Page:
Five years ago, Montreal historian Jean Belisle had a casual conversation that he says changed the course of his life. John Morgan, a descendant of brewing and shipping magnate John Molson, mentioned to Belisle that, according to family folklore, several old ships from the Molson line had been anchored near the family’s former summer home at Ile Ste-Marguerite in Montreal’s east end. With their engines removed and much of their planking stripped by scavengers, those hulks sank at their last anchorage about 150 years ago. Intrigued by the prospect of uncovering a marine cemetery, Belisle investigated—and discovered that, indeed, there was a ship embedded 15 feet deep in the mud, 30 feet offshore.
Since then, Belisle, Montreal archeologist André Lepine and a team of divers have explored the wreck and recorded their findings. The discovery of the steamship Lady Sherbrooke, the researchers say, is a milestone in the history of maritime development. Declared Belisle: “What we have here is unique.” Built in 1817, the Lady Sherbrooke was one of the first paddle steamers in the world. And, according to Lepine, it is one of the few steamships ever excavated in Canada or the United States— and the earliest model excavated anywhere. Lepine added that steamships are significant in documenting maritime history because their development marked a profound technological advance—with wide social, commercial and industrial implications. Said Lepine: “The technology developed so fast that
even four years made a big difference in the structure of the ships.” The Lady Sherbrooke, which plied the St. Lawrence River until 1826, carried both cargo and passengers between Montreal and Quebec City—a trip that the ship completed in less than 24 hours—a dramatic improvement over the two to three days that sailing ships needed.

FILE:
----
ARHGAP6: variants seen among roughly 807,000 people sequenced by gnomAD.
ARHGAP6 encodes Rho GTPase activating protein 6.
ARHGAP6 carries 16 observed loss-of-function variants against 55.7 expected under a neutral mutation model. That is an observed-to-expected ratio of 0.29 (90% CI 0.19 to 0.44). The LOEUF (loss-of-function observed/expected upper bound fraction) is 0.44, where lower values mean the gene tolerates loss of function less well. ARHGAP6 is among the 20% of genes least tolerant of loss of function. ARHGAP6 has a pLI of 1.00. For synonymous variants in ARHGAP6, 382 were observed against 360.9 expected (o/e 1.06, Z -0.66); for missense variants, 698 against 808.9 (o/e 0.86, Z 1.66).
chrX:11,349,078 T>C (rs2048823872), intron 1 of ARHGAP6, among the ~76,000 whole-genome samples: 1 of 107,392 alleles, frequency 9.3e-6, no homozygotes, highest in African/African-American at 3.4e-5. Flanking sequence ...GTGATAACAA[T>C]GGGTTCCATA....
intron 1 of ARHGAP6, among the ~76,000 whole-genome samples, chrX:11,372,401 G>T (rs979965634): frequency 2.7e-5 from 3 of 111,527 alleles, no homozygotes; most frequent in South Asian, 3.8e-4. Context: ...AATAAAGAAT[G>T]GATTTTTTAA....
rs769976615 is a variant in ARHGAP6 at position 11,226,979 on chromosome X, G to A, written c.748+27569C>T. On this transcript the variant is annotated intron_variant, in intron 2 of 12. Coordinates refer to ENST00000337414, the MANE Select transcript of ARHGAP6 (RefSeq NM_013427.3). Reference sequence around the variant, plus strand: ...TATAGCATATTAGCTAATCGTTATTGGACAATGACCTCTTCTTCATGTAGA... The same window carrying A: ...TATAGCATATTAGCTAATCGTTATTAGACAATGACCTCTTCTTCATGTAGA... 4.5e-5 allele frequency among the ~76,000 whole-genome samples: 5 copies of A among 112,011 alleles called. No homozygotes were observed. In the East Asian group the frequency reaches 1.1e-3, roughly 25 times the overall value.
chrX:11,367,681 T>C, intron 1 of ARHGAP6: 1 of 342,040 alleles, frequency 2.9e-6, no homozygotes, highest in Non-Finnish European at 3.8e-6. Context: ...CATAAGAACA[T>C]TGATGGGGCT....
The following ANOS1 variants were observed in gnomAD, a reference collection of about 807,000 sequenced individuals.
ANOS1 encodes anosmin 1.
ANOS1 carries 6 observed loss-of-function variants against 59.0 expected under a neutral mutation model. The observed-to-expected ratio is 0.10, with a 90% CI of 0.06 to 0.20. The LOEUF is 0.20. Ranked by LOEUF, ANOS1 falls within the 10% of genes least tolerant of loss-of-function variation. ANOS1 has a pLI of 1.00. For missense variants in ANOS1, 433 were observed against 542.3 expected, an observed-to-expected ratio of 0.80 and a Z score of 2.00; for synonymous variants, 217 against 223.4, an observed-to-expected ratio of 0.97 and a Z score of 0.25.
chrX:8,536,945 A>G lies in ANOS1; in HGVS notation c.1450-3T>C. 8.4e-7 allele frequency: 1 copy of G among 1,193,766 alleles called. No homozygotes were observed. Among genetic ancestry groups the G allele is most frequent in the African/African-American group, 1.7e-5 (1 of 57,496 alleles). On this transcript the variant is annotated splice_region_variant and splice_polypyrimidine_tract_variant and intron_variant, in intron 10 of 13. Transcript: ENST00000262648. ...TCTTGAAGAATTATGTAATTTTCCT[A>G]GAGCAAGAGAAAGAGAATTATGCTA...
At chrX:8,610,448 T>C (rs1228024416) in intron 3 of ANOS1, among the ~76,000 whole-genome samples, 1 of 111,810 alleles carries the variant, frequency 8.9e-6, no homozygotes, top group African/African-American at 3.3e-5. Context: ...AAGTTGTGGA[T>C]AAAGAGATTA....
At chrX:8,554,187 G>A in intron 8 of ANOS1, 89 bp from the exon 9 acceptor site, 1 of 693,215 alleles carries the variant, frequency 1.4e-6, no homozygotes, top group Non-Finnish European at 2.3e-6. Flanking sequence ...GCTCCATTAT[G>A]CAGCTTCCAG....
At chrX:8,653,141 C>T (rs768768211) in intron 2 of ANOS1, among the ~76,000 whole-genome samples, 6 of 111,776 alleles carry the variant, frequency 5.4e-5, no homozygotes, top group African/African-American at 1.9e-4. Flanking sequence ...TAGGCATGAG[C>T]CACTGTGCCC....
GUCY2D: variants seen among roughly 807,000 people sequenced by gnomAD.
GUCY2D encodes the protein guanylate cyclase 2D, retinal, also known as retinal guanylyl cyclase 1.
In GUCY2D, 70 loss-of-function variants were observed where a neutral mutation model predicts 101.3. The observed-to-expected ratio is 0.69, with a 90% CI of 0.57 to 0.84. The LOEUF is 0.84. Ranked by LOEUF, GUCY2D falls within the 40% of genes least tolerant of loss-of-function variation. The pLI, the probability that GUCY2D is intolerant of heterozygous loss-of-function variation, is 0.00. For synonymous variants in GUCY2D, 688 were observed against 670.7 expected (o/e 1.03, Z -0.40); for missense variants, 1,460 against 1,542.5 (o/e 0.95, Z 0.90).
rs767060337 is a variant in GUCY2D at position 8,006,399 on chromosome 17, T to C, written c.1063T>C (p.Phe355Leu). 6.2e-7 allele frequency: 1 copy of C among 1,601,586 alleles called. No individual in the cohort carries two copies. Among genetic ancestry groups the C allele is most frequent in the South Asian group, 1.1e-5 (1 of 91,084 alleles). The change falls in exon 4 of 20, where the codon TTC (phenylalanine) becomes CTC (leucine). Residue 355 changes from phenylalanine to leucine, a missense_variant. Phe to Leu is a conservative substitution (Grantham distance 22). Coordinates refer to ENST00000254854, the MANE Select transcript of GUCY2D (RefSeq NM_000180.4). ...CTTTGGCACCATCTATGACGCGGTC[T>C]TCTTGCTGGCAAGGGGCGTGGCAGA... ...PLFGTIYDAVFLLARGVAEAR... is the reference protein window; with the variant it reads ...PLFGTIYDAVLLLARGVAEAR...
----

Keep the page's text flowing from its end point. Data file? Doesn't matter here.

Team members conduct the excavation only in June because the river’s dense vegetation and the constantly shifting sediment patterns that occur later in summer impede their progress. Since 1984, the team has excavated the engine room, and this year its members hope to complete excavation of the area running from the boiler rooms to the stern—where the passenger cabins were likely located—a distance of about 80 feet. Much of the rest of the year is spent cataloguing the more than 3,000 artifacts that they have retrieved, which include an 18th-century Spanish silver coin, fragments of wooden panelling, pieces of 18th-century Wedgwood china and 19th-century beer bottles.
Meanwhile, area residents have reinforced the notion that there might be more than one ship buried there. According to Lepine, one man said that his father and grandfather remembered how local residents harnessed horses to pull oak planking off the wrecks for use in construction. As the possibility of discovering a graveyard of sunken vessels looms larger, the excavation team’s future seems shipshape.
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